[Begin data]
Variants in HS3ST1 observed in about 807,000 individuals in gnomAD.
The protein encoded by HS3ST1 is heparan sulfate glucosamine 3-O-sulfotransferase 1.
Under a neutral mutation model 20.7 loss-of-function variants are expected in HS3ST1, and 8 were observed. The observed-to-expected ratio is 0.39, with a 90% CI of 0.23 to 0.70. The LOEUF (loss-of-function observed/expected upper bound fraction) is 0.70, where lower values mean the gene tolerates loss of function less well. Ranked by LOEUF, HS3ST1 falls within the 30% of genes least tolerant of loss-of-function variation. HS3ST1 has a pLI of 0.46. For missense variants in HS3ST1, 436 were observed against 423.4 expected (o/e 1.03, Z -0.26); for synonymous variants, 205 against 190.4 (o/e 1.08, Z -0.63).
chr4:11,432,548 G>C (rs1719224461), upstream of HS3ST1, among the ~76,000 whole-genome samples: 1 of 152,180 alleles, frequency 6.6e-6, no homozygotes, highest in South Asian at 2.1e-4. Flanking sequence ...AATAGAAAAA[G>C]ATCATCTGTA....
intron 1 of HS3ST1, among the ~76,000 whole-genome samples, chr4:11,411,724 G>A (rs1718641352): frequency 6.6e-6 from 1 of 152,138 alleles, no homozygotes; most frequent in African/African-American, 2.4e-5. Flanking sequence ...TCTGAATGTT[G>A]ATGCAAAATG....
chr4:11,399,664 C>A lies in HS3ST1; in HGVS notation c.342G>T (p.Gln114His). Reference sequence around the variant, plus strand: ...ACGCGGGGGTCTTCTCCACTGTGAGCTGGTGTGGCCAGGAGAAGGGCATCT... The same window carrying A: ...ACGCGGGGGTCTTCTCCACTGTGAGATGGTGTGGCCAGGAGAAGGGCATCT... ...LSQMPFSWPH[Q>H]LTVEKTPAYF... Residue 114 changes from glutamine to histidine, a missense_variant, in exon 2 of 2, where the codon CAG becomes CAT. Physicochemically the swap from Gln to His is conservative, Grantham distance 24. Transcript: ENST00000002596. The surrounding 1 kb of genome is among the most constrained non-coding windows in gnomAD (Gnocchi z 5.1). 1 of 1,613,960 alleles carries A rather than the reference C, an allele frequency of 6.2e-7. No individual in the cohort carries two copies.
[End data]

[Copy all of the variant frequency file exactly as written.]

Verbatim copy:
Variants in HS3ST1 observed in about 807,000 individuals in gnomAD.
The protein encoded by HS3ST1 is heparan sulfate glucosamine 3-O-sulfotransferase 1.
Under a neutral mutation model 20.7 loss-of-function variants are expected in HS3ST1, and 8 were observed. The observed-to-expected ratio is 0.39, with a 90% CI of 0.23 to 0.70. The LOEUF (loss-of-function observed/expected upper bound fraction) is 0.70, where lower values mean the gene tolerates loss of function less well. Ranked by LOEUF, HS3ST1 falls within the 30% of genes least tolerant of loss-of-function variation. HS3ST1 has a pLI of 0.46. For missense variants in HS3ST1, 436 were observed against 423.4 expected (o/e 1.03, Z -0.26); for synonymous variants, 205 against 190.4 (o/e 1.08, Z -0.63).
chr4:11,432,548 G>C (rs1719224461), upstream of HS3ST1, among the ~76,000 whole-genome samples: 1 of 152,180 alleles, frequency 6.6e-6, no homozygotes, highest in South Asian at 2.1e-4. Flanking sequence ...AATAGAAAAA[G>C]ATCATCTGTA....
intron 1 of HS3ST1, among the ~76,000 whole-genome samples, chr4:11,411,724 G>A (rs1718641352): frequency 6.6e-6 from 1 of 152,138 alleles, no homozygotes; most frequent in African/African-American, 2.4e-5. Flanking sequence ...TCTGAATGTT[G>A]ATGCAAAATG....
chr4:11,399,664 C>A lies in HS3ST1; in HGVS notation c.342G>T (p.Gln114His). Reference sequence around the variant, plus strand: ...ACGCGGGGGTCTTCTCCACTGTGAGCTGGTGTGGCCAGGAGAAGGGCATCT... The same window carrying A: ...ACGCGGGGGTCTTCTCCACTGTGAGATGGTGTGGCCAGGAGAAGGGCATCT... ...LSQMPFSWPH[Q>H]LTVEKTPAYF... Residue 114 changes from glutamine to histidine, a missense_variant, in exon 2 of 2, where the codon CAG becomes CAT. Physicochemically the swap from Gln to His is conservative, Grantham distance 24. Transcript: ENST00000002596. The surrounding 1 kb of genome is among the most constrained non-coding windows in gnomAD (Gnocchi z 5.1). 1 of 1,613,960 alleles carries A rather than the reference C, an allele frequency of 6.2e-7. No individual in the cohort carries two copies.